logo

Trump advisor Kevin Hassett attributes rise in retirement savings optimism to strong economy and stock market

Key Points
  • Kevin Hassett says he's 'stunned' to hear Americans are feeling more optimistic about saving for retirement.
  • A CNBC survey finds Americans are more confident about saving for retirement than they were three years ago.
  • Hassett says the U.S. is seeing "skyrocketing optimism" because "incomes are growing a lot faster than they were."
VIDEO3:3203:32
CEA's Kevin Hassett talks personal finance and retirement

A top economic advisor to President Donald Trump told CNBC on Monday he was "stunned" to hear Americans are feeling more optimistic about saving for retirement.

Kevin Hassett, chairman of the Council of Economic Advisers, was responding to a CNBC and Acorns Invest In You Savings Survey, which found that 57 percent of U.S. adults felt somewhat or much more confident about their ability to save for retirement than they felt three years ago.

The survey, released Monday and conducted for CNBC by SurveyMonkey in March, polled more than 2,300 adults about various aspects of financial wellness. It also found that retirement ranks as the overall top personal finance concern at 23 percent.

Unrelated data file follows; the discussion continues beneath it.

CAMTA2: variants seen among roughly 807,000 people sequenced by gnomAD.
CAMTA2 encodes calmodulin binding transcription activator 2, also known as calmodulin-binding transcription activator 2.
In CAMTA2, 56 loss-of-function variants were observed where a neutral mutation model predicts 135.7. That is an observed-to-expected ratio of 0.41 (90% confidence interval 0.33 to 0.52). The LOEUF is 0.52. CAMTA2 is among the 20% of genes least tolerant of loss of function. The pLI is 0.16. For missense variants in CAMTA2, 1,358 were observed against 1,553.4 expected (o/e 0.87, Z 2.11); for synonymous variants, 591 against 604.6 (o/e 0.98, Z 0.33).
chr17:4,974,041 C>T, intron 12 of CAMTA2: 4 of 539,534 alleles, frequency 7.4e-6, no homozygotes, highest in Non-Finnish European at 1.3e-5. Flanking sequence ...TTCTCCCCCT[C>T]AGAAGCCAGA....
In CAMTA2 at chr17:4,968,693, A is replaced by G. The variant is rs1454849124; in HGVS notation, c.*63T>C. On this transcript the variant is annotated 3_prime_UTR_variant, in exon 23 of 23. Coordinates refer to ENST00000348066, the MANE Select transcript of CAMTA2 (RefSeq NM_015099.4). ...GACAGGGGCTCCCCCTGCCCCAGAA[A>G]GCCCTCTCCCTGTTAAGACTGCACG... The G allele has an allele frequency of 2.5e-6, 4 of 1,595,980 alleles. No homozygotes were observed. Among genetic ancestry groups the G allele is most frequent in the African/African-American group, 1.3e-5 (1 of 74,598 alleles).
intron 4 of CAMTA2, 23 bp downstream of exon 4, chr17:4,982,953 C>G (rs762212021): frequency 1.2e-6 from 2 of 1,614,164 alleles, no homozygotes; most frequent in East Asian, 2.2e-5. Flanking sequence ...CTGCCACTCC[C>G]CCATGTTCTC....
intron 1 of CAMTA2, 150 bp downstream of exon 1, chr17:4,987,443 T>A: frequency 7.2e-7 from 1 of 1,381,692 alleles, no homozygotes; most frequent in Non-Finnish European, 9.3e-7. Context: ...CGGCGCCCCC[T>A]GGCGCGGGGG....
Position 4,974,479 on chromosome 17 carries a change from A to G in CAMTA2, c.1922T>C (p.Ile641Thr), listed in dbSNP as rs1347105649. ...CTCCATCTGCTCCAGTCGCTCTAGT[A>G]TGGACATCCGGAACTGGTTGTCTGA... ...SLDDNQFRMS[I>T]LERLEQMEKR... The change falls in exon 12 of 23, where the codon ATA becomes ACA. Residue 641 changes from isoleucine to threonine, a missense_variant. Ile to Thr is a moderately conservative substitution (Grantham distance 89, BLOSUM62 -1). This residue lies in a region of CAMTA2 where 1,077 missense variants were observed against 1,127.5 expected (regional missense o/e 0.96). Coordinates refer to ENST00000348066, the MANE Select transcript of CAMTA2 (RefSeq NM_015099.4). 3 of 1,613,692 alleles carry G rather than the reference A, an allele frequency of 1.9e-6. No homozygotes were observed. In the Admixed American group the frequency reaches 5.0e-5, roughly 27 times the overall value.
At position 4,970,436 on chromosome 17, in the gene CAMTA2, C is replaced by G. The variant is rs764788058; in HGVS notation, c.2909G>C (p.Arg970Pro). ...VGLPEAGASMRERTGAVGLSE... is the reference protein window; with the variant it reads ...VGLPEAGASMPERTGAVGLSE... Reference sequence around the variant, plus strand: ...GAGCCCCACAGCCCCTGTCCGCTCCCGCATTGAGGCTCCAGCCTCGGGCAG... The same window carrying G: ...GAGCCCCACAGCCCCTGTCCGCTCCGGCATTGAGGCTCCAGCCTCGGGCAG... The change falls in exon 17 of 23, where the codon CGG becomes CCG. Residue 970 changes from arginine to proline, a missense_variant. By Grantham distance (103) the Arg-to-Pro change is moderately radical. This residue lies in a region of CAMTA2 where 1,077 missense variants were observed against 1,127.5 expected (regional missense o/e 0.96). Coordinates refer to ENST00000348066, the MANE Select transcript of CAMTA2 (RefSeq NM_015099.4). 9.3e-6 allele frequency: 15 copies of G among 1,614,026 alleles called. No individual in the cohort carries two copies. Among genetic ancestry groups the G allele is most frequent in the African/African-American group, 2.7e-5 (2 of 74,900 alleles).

"I was really stunned at the numbers that so many people are feeling great about retirement," Hassett said in a "Squawk Box" interview.

He said the U.S. may be seeing "skyrocketing optimism" about retirement because "incomes are growing a lot faster" than they were. "And two, equity markets have been fantastic and a lot of people roll their retirement savings, their 401(k), into index funds."

The Trump administration has often used the stock market as barometer for its success.

Since Trump's election in November 2017, the S&P 500 has gained more than 32 percent as of Friday's close, while the Dow Jones Industrial Average has risen more than 41 percent and the Nasdaq is 48 percent higher.

Hassett, who said he pored through the survey results, said the Trump administration spends a lot of time thinking about Americans and their retirement funds. He said it's possible Trump's 2017 tax cuts could be causing people to stay in the labor market longer.

As of February, the unemployment rate was at 3.8 percent, according to the Labor Department, down from 4 percent in January. Among major worker groups, the jobless rate for Hispanics and whites has declined. Average hourly earnings have also increased.

That "could be another reason why we're seeing increased optimism," said Hassett, who previously was with the American Enterprise Institute and the Federal Reserve. "People aren't being forced into retirement because the labor market is so tight."

Disclosure: NBCUniversal and Comcast Ventures are investors in Acorns.